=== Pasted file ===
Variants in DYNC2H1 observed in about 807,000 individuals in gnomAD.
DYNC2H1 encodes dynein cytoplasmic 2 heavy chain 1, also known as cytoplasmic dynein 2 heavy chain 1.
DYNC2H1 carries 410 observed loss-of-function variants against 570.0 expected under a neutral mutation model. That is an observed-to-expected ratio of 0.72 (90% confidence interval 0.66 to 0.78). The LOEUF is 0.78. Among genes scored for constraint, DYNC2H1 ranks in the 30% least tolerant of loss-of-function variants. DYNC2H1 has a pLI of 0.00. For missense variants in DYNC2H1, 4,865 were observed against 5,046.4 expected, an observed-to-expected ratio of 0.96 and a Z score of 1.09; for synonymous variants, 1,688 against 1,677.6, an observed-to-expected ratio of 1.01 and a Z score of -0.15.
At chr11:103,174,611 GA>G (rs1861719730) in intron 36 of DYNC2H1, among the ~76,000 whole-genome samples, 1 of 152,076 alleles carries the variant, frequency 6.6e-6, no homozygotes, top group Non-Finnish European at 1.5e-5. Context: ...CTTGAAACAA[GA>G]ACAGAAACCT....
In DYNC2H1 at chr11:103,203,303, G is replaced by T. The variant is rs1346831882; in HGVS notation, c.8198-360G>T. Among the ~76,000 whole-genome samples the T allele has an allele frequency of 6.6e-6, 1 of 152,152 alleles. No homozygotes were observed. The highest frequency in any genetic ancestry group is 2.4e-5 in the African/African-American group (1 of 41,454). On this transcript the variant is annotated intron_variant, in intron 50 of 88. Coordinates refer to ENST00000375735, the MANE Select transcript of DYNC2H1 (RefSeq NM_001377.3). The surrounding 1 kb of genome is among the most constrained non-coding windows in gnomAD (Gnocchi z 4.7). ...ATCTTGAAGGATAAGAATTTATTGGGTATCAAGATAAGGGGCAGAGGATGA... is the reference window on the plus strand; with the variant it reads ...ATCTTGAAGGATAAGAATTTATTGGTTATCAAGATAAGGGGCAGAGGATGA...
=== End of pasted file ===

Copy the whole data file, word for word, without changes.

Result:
Variants in DYNC2H1 observed in about 807,000 individuals in gnomAD.
DYNC2H1 encodes dynein cytoplasmic 2 heavy chain 1, also known as cytoplasmic dynein 2 heavy chain 1.
DYNC2H1 carries 410 observed loss-of-function variants against 570.0 expected under a neutral mutation model. That is an observed-to-expected ratio of 0.72 (90% confidence interval 0.66 to 0.78). The LOEUF is 0.78. Among genes scored for constraint, DYNC2H1 ranks in the 30% least tolerant of loss-of-function variants. DYNC2H1 has a pLI of 0.00. For missense variants in DYNC2H1, 4,865 were observed against 5,046.4 expected, an observed-to-expected ratio of 0.96 and a Z score of 1.09; for synonymous variants, 1,688 against 1,677.6, an observed-to-expected ratio of 1.01 and a Z score of -0.15.
At chr11:103,174,611 GA>G (rs1861719730) in intron 36 of DYNC2H1, among the ~76,000 whole-genome samples, 1 of 152,076 alleles carries the variant, frequency 6.6e-6, no homozygotes, top group Non-Finnish European at 1.5e-5. Context: ...CTTGAAACAA[GA>G]ACAGAAACCT....
In DYNC2H1 at chr11:103,203,303, G is replaced by T. The variant is rs1346831882; in HGVS notation, c.8198-360G>T. Among the ~76,000 whole-genome samples the T allele has an allele frequency of 6.6e-6, 1 of 152,152 alleles. No homozygotes were observed. The highest frequency in any genetic ancestry group is 2.4e-5 in the African/African-American group (1 of 41,454). On this transcript the variant is annotated intron_variant, in intron 50 of 88. Coordinates refer to ENST00000375735, the MANE Select transcript of DYNC2H1 (RefSeq NM_001377.3). The surrounding 1 kb of genome is among the most constrained non-coding windows in gnomAD (Gnocchi z 4.7). ...ATCTTGAAGGATAAGAATTTATTGGGTATCAAGATAAGGGGCAGAGGATGA... is the reference window on the plus strand; with the variant it reads ...ATCTTGAAGGATAAGAATTTATTGGTTATCAAGATAAGGGGCAGAGGATGA...